January 26, 2011
The Parker House: Boston Cream Pie, Ho Chi Minh and Malcolm X
Boston's Omni Parker House hotel, founded in 1855, is America's longest continuously operating hotel. Needless to say it's full of strange lore.
Did you know that Boston cream pie was invented at the Parker House? It's true. To help put his new hotel on the map Harry Parker, the hotel's founder, hired a French chef named Sanzian for a salary of $5,000. This was extremely high for the mid-19th century but I guess Parker's investment was worth it. Sanzian impressed local gourmands with dishes like aspic of oysters, mongrel goose, and ham in champagne sauce.
The icing on the cake, though, was his creation of Boston cream pie. Bostonians had been eating pastries and cream for many years, and used chocolate as a beverage or in puddings. But when Sanzian combined the three into one dessert people couldn't believe their taste buds. He had achieved culinary immortality.
The legislature declared Boston cream pie the official dessert of Massachusetts in 1996 (it beat out Indian pudding), and in 2005 to celebrate their 150th anniversary the Parker House baked a Boston cream pie that was sixteen feet across. It contained more than two million calorie.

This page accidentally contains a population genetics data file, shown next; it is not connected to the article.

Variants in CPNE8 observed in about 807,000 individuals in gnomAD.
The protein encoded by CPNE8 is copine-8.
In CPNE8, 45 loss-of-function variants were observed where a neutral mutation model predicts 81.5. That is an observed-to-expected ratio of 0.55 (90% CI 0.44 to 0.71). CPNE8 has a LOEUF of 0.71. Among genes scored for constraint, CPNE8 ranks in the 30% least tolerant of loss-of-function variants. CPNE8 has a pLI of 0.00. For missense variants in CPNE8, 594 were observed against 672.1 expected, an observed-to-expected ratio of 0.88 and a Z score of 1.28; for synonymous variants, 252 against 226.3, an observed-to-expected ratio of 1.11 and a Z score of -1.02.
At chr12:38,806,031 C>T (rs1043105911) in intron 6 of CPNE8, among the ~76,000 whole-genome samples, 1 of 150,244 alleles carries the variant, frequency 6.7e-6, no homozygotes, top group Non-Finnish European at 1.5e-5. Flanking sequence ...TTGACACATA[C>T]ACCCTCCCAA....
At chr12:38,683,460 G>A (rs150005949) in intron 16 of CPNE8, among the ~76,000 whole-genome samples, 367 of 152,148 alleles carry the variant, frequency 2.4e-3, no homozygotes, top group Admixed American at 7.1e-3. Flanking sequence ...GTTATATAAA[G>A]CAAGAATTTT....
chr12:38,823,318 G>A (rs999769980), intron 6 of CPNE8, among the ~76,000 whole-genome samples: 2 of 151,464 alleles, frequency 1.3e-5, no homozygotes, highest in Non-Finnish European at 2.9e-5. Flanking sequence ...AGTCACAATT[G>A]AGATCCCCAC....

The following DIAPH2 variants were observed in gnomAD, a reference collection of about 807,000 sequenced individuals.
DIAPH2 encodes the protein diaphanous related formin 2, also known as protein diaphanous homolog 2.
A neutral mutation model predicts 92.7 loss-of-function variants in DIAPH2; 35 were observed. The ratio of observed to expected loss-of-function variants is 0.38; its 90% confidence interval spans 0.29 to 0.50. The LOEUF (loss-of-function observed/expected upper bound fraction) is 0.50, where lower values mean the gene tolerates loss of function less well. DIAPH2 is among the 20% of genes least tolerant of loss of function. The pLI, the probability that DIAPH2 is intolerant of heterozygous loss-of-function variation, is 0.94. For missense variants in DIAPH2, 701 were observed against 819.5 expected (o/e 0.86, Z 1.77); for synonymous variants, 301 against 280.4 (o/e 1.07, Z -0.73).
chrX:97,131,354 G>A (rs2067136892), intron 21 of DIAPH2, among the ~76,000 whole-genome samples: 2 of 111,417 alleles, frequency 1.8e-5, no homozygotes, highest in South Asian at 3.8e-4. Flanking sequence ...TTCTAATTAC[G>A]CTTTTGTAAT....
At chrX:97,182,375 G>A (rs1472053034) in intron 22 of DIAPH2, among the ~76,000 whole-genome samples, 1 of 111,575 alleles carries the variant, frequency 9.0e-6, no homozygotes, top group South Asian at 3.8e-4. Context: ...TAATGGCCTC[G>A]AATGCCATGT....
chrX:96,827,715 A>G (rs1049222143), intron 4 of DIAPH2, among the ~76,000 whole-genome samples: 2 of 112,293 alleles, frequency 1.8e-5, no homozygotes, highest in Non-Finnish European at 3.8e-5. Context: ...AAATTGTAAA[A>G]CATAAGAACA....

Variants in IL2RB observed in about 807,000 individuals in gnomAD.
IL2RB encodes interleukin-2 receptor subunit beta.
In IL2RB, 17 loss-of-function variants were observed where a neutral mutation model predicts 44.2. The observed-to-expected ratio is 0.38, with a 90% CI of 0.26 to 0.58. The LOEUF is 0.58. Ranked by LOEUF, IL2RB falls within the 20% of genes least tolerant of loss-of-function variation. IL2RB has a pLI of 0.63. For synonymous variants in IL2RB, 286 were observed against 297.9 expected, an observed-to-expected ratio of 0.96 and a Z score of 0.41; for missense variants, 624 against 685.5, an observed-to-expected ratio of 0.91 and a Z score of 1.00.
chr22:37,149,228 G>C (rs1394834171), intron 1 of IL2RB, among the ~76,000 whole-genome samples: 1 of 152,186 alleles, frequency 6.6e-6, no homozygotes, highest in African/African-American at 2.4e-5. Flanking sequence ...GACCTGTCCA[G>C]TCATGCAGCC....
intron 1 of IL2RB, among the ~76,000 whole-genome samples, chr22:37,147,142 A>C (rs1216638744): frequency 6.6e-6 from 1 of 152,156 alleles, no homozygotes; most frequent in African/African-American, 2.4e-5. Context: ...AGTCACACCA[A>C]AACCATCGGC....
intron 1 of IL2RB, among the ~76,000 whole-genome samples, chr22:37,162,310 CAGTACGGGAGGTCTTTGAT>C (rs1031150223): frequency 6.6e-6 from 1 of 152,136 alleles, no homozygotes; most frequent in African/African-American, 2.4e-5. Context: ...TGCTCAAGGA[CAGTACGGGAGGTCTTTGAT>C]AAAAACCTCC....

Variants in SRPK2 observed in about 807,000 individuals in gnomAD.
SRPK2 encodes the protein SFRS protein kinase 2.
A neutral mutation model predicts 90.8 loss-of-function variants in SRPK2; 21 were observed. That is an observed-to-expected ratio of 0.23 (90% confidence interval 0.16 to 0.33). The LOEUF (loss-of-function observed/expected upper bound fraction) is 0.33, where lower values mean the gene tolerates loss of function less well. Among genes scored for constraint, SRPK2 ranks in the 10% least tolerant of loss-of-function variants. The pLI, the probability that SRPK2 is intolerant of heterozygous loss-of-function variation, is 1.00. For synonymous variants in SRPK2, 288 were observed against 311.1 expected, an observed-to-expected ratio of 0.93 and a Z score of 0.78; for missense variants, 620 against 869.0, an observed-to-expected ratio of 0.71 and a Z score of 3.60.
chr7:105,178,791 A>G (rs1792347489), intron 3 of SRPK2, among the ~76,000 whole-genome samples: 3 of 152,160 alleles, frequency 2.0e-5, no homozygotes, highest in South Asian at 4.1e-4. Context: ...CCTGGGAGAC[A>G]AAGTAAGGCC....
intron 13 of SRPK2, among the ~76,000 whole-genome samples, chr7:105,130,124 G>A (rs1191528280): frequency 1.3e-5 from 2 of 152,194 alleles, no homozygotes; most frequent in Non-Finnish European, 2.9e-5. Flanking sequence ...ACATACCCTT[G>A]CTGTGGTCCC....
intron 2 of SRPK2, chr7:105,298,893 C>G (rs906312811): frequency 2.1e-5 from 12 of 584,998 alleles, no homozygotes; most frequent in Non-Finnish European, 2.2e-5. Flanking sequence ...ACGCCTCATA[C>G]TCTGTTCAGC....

Since Boston cream pie is really a cake, why is it called a pie? According to this site, most Americans did not have cake pans in the 19th century, but they did have pie pans. I guess anything that was bigger than a cookie and baked in a pan was called a pie!
Guests of the Parker House in 1912 and 1913 may have eaten Boston cream pie made by Ho Chi Minh, the future Communist leader of North Vietnam who opposed the U.S. during the Vietnam war. Born in 1890, he had fled Vietnam (then called French Indochina) to avoid persecution for his political beliefs. He wound up in Boston working in the hotel's kitchen as a pastry chef. I guess he opposed the French colonialists in Vietnam, but had still absorbed their baking skills! This sounds like a tall tale, but is true. In 2005 officials from the Vietnamese government visited the hotel kitchen where Ho Chi Minh worked. I'm not sure if they arrived in time to eat any of that sixteen foot Boston cream pie.
One other famous revolutionary worked at the Parker House restaurant. Malcolm X (then known as Malcolm Little) worked there as a busboy during the 1940s. That's a lot of activism coming out of one kitchen. I think the moral here is to always tip your server well because you never know when they might start a revolution.
I got all this information from Susan Wilson's The Omni Parker House. A Brief History of America's Longest Continuously Operating Hotel.